Infinite Air with Mark McMorris attempts to carve a path in the extreme sports genre, but falls terribly short. The graphical fidelity, open presentation, and style of control are all great ideas that logically should make for an equally great game. However, the final product just isn’t all the way there. Mark McMorris may not be a household name, and now after this game, will be the name you remember not for fondness, but rather for what it could be.
Infinite Air with Mark McMorris tries to invoke those feelings of playing Skate for the first time with its control layout. Here, you use the left stick for movement, the right stick for tricks, triggers for loading a jump and trick modifiers. Now, this review was done on PC, I should note that the game does not support keyboard and mouse other than in menus. In fact, the mouse cursor likes to stay on-screen while you’re using a controller. It’s a weird omission, but the controller would feel the best for what the controls are asking you to do. The controls often work against you. They don’t lend themselves to allow you to get back moving again if stopped due to something, so you’ll be often moving like you’re stuck in quicksand trying to get momentum to move on. Crashing or bailing out of a trick has you hilariously slide for an extended period of time before you can “get up”, though you can alternately respawn at the expense of starting over. One of the more infuriating things was never being able to stop or slowdown in a spin or flip, you can’t seem to just land without killing yourself.
Infinite Air with Mark McMorris has an open-mountain to explore or take part in challenges that provide progression. The progression is stale is merely checking off boxes to complete challenges that unlock more areas. If you’re not skilled enough to continue, you’ll be held back similarity to Tony Hawk’s Pro Skater, but because the presentation is lacking, it all feels directionless in a bad way. Infinite Air does some cool things like letting you use a helicopter to get around the mountain and drop in as you see fit. This type of freedom I can get behind, but it is just such a hollow experience.
The cast of Infinite Air is pretty solid, featuring the man himself, Mark McMorris. Other playable characters include Ulrik Badertscher, Danny Davis, and Torstein Horgmo. Unless you follow snowboarding, these names will mean very little to you. The tutorials are voice rather poorly, coming across as flat and/or uninterested in what they are saying, despite it being very helpful for you to understand how to play the game.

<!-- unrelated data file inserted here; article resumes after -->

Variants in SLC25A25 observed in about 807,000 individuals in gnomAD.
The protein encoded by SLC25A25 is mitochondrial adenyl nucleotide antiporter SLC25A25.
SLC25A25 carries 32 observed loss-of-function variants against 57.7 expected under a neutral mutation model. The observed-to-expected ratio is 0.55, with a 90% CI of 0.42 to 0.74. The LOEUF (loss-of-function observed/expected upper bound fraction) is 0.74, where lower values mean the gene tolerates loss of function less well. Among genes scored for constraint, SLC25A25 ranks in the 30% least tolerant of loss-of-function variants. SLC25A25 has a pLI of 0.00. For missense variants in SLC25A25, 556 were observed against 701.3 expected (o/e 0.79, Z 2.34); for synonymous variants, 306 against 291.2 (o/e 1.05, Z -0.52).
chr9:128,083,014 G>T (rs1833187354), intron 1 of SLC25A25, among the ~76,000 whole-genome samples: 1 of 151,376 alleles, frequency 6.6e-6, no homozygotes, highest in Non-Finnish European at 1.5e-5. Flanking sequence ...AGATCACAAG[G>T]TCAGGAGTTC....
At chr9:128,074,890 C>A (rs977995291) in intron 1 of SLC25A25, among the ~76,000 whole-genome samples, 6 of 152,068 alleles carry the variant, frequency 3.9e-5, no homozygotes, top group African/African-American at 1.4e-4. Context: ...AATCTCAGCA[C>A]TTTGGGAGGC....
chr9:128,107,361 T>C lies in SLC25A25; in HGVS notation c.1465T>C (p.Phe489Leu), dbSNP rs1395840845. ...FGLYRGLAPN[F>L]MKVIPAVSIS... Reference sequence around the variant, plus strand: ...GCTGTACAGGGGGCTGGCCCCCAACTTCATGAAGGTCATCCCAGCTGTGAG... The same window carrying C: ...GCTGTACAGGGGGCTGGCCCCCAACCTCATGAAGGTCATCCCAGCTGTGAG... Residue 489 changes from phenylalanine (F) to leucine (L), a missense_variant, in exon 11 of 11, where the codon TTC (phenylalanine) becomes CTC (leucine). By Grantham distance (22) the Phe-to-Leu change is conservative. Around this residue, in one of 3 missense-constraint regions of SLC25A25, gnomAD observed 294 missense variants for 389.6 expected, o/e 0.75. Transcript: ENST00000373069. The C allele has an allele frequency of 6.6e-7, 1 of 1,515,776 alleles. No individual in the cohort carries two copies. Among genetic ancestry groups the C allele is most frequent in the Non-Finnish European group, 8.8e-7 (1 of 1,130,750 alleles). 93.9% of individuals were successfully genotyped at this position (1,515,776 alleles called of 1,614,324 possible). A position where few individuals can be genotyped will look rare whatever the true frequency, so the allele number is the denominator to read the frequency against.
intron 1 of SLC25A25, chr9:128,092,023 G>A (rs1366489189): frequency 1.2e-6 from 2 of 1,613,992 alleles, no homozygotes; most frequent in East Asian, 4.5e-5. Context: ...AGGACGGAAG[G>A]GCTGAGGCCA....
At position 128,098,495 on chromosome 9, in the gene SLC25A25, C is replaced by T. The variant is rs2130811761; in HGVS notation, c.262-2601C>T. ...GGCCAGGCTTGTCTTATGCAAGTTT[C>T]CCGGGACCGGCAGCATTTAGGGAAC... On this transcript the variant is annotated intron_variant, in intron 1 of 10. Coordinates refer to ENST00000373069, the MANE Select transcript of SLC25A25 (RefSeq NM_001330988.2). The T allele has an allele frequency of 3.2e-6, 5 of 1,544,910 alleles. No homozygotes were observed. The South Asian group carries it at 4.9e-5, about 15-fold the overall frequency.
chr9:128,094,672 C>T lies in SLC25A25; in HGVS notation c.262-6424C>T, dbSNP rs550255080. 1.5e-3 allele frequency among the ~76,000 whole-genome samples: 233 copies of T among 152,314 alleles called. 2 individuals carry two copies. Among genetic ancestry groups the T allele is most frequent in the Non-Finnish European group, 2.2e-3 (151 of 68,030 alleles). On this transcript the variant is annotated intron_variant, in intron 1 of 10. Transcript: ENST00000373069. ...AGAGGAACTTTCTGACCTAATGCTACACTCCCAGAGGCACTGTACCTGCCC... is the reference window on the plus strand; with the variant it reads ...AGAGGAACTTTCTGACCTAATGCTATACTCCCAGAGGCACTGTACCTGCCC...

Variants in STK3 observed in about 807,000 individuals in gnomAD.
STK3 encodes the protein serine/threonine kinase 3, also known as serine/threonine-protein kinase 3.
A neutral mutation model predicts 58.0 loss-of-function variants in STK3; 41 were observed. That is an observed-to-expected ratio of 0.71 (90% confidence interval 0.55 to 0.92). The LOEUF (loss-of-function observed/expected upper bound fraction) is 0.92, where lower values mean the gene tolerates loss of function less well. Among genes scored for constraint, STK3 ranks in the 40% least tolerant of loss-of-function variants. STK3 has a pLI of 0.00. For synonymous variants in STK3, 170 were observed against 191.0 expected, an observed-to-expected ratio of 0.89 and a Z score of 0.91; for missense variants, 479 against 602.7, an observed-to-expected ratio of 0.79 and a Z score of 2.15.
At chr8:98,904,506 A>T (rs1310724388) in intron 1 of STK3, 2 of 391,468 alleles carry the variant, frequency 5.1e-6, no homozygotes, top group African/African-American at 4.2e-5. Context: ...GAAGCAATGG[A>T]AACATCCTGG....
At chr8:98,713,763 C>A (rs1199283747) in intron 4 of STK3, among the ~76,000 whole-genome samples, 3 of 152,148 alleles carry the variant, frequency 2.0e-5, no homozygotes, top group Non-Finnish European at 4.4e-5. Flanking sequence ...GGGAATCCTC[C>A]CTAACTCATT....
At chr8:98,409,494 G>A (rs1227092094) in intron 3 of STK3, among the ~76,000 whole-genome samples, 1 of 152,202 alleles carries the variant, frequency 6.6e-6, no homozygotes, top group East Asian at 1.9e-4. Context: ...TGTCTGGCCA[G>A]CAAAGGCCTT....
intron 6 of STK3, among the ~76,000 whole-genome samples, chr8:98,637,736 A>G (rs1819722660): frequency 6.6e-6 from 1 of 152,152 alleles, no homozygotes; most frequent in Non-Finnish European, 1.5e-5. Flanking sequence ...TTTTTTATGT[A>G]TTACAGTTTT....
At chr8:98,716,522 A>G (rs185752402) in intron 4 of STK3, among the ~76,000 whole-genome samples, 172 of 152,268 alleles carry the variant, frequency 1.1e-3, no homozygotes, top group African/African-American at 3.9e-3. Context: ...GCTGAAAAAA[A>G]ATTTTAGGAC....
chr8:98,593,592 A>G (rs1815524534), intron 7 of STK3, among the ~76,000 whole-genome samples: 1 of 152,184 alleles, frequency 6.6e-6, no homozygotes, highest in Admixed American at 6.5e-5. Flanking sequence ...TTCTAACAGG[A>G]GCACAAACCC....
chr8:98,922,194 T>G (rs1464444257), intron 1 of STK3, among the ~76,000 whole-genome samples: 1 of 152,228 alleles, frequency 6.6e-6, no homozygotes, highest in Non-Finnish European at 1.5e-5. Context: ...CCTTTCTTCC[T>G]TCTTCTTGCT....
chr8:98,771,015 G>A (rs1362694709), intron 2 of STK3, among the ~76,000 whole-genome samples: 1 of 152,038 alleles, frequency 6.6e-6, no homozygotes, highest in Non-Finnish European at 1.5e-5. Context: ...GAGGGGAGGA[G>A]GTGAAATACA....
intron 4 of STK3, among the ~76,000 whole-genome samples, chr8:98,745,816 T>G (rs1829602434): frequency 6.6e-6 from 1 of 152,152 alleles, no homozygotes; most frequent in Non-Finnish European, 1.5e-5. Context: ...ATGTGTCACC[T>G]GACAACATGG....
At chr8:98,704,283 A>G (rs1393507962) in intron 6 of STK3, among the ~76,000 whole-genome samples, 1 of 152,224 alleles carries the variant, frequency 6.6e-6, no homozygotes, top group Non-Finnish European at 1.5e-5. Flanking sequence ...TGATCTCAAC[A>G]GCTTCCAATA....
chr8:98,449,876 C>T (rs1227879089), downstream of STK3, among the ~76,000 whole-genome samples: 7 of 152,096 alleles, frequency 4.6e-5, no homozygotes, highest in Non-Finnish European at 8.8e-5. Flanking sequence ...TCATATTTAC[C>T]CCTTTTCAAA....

Graphically the game looks excellent in motion, and less so while still. And if you come to a complete stop like I mentioned before, you’ll have nothing but time to look at your surroundings as you try to get yourself unstuck. I noticed that effects like depth of field and blur make the game look much better on PC when they are turned off. The depth of field and blur effects are far too intense, and make the game look worse than it is.
You may remember HB Studios for creating The Golf Club, the golfing was solid, and the courses were generic, but the presentation and execution were really solid. The included course generator there really lengthened the game to be able to create your own courses. The same can be found here in Infinite Air. The controls and UI are intuitive for anyone to create fun levels on randomized mountains that perhaps are more fun than the courses found in the main game.
The game does have a multiplayer mode, but it seems dead on arrival. I attempted to join several multiplayer sessions at different times of the day, and the mountain is empty as the single-player mountains. There just doesn’t seem to be anyone playing the game, so I never got to see what it was like to ride down a mountain with a buddy.
Infinite Air with Mark McMorris is part of a trio of snowboarding games each trying to get your attention. Infinite Air could be a lot better, but there’s not a proper attitude to excite you to want to keep playing. It just becomes hard to recommend with how shallow the game is. If you’re hard-pressed for something on PC, or even on consoles for snowboarding, there will be other options. If this is the one you settle on, buy it when it is discounted.
A Steam code for the game was provided by the publisher for review purposes.